Wednesday, 25 March 2015

Why the Soviet Union was an Evil Empire

The world has witnessed many atrocities during the course of human history.  The Mediaeval Period in Europe is legendary for its barbarity.  Thousands of people were burned at the stake, crucified and hung for refusing to convert to Christianity, opposing the Catholic Church or for practising “witchcraft”.  The Holocaust saw 11 million Jews, Roma, Poles, homosexuals, and disabled people murdered by the Nazis.  However, the scale of these atrocities in terms of absolute numbers killed does not match those of the Soviet Union during the 20th century. Oppression, deportation and murder were systematically pursued by the Soviet regime to consolidate its power and to strike terror into the hearts of its subjects. US president Ronald Reagan first referred to the Soviet Union as an “evil empire” in a speech to the United Kingdom’s House of Commons in 1982.  Whatever you might think of Ronald Reagan and his politics, he was 100% correct.  The Soviet Union was indeed an evil empire.

The Soviet Union consisted of 15 republics at its peak.  Some were more willing members but others such as Estonia, Latvia and Lithuania had been independent and thriving democracies before the Second World War.  These were invaded, occupied and illegally annexed by the Soviet Union in 1940.

On two occasions the Soviet authorities orchestrated mass deportations of Estonians, Latvians and Lithuanians from their homelands.  On 14th, 15th and 16th June 1941 and 25th March 1949 tens of thousands of Estonians were forcibly removed from their homes, torn from their families and transported to Siberia in cattle wagons.  Those murdered or deported were Estonia’s elite consisting of politicians, senior military officers, judges, policemen, academics, business owners then later on farmers who opposed the collectivisation of farms – anyone considered a threat to the Soviet regime. Some did not survive the trip to Siberia, many were murdered after they arrived and others perished from famine and appalling living conditions. 

It is abundantly clear that Stalin and those that came after him had no regard at all for human life. Anyone considered a threat was simply eliminated.  Hundreds of Soviet crimes committed both inside and outside the country’s borders have been documented.  One of the cruellest acts of Soviet terror was the Holodomor, a deliberately engineered famine perpetrated against the Ukrainian nation which claimed around 7 million lives.  Ukraine is an enormous country with some of the most fertile soil in the world.  The food produced by Ukrainian farmers would have been more than enough to feed the entire population.  A famine occurred because Soviet soldiers confiscated all foodstuffs and murdered anyone found hiding them. People had no choice but to watch their loved ones suffer and die because there was simply nothing to eat.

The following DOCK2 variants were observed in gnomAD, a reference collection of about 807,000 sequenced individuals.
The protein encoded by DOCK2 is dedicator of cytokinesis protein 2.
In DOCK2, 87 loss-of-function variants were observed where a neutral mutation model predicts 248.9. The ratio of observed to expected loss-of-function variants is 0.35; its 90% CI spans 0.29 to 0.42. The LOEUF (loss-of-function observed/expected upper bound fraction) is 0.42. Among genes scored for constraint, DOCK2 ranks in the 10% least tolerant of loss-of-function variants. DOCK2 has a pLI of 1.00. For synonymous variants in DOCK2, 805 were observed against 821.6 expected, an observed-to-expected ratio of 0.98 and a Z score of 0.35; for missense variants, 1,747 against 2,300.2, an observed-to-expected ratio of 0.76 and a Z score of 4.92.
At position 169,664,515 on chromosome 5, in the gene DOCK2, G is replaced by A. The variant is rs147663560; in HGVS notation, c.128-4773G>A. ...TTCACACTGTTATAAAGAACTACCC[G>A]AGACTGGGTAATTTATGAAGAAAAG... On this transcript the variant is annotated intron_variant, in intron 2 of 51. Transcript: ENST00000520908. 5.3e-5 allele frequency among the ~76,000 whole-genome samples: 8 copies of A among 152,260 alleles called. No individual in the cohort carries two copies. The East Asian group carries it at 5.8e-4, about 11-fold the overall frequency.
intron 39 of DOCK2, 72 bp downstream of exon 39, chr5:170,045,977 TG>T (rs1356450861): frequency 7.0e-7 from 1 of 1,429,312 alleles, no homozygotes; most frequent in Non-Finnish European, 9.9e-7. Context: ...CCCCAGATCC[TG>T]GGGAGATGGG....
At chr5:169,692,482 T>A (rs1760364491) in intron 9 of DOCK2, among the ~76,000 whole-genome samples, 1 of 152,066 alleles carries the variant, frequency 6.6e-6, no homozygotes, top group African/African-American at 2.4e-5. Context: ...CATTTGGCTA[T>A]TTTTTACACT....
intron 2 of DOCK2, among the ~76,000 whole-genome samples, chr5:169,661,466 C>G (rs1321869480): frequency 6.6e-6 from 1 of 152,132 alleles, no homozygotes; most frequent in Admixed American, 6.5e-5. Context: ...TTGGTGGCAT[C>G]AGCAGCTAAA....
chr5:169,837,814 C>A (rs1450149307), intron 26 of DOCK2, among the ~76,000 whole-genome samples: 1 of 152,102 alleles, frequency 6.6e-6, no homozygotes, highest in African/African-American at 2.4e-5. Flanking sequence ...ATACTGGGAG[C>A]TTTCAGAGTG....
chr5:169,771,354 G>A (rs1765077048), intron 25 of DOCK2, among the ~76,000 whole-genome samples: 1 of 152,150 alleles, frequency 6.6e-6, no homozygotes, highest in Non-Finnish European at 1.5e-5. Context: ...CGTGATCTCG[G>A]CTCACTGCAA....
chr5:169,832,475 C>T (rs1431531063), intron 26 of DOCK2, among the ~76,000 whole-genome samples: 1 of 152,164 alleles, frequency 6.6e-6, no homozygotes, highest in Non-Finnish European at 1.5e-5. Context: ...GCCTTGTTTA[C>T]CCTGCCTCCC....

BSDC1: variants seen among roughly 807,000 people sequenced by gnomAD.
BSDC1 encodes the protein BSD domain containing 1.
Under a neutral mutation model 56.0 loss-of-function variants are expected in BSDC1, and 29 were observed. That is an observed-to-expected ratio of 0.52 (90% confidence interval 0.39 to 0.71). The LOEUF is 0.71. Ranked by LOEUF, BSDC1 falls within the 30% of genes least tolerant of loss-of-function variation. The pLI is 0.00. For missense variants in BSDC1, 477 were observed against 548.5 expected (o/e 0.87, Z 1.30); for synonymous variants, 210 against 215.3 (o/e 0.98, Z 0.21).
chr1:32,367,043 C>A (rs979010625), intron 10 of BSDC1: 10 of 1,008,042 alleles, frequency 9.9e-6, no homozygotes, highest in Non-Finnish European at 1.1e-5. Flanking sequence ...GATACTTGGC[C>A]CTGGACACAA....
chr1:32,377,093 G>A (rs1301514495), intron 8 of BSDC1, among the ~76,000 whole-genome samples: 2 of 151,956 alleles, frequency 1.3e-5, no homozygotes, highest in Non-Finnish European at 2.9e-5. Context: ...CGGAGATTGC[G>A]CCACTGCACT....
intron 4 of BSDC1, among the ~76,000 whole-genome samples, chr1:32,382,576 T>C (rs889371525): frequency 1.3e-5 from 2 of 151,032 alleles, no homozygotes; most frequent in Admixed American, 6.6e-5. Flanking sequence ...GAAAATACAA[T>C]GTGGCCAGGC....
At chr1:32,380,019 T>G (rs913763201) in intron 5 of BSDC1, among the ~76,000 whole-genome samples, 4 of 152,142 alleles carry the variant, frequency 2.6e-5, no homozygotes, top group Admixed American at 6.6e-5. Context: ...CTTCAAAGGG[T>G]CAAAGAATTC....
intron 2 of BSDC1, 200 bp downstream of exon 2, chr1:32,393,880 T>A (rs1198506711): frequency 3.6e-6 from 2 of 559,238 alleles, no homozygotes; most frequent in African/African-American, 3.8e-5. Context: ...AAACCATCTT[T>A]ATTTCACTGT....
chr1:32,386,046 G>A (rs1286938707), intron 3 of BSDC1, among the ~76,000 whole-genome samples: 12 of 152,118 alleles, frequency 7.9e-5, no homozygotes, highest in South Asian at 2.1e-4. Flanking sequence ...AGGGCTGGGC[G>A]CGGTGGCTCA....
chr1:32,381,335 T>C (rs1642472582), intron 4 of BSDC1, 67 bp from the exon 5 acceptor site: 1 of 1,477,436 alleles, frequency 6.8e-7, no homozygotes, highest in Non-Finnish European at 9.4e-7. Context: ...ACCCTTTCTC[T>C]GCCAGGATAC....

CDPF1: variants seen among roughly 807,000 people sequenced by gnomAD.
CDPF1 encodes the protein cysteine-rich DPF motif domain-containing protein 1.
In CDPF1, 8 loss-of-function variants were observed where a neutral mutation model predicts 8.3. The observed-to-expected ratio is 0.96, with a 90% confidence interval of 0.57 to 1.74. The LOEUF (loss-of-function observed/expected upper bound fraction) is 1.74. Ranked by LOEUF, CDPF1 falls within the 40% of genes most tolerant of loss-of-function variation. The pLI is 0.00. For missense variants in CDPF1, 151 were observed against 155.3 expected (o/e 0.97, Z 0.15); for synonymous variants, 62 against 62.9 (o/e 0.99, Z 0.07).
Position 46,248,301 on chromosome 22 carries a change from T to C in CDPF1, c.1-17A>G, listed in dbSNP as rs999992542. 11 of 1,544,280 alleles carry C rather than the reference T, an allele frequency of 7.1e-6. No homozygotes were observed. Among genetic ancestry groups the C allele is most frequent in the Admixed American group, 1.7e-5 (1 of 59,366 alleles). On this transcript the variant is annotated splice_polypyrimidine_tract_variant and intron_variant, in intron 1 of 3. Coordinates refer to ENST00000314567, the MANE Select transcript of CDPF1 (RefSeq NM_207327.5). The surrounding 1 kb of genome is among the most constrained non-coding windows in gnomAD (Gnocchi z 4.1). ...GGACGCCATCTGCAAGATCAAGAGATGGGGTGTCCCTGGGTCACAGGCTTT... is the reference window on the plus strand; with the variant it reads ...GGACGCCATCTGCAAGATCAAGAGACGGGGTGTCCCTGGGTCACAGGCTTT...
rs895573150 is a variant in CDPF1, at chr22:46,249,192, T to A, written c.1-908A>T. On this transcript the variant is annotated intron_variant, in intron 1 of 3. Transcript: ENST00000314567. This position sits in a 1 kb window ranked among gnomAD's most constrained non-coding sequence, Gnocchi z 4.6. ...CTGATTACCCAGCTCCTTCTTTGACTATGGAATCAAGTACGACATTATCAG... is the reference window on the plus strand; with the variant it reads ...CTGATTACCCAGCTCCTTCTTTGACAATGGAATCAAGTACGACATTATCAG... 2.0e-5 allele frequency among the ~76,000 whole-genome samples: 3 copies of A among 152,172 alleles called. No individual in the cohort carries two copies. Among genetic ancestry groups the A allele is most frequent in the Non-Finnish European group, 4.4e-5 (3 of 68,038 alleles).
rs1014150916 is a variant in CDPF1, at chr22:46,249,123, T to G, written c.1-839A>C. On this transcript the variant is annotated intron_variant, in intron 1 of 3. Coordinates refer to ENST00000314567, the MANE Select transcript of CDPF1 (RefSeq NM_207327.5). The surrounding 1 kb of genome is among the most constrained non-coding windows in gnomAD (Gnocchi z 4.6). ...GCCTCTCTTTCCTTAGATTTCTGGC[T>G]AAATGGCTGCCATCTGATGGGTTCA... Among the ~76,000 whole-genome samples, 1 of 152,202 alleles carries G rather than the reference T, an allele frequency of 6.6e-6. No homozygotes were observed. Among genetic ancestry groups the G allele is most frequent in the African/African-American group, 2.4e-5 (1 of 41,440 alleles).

Typical clay hut giving shelter to Estonians deported to Siberia.

There were instances of entire nations being deported from their homelands.  Between 1942 and 1943 the entire population of indigenous Crimean Tartars was deported from Crimea to Uzbekistan, thousands of kilometres away.  This consisted of 230,000 Tartars, 100,000 of whom died from starvation or disease as a direct result of being deported from their homes. 

Operation Lentil on 23rd February 1943 saw the entire Chechen, Ingush, Kalmyk, Balkar and Karachai nations being deported from their homes in the Caucasus to Kazakhstan and Kyrgyzstan. This represented nearly 750,000 people, many of whom died both en route and during their exile. Anyone deemed unfit for transportation was killed on the spot as ordered by NKVD chief Lavrentiy Beria.

Like the Nazi regime which had some of the vilest psychopaths the world has ever known in its top ranks, the Soviets were not short of their own.  The evil did not end with Stalin’s death in 1953. When Hungarians decided in 1956 that they no longer wanted communism and foreign occupation in their country, the Soviet Union sent over a thousand tanks into Hungary to suppress the rebellion. 3,000 Hungarian civilians were killed and 200,000 were forced to flee their country as result.  The same scenario happened 12 years later in Czechoslovakia during the 1968 Prague Spring.

Memorial for the victims of the 1941 & 1949 deportations in Paldiski.

Whilst some people may be nostalgic for the Soviet era, these are typically those who were relatively unaffected by its terrors – those who were completely used to the system and had never experienced a better way of life.  In Estonia this is certainly not the case.  Estonians bitterly resented being occupied by the Soviets and resisted them for as long as they could. Estonia's restoration of independence is dearly cherished by all of her citizens and never taken for granted.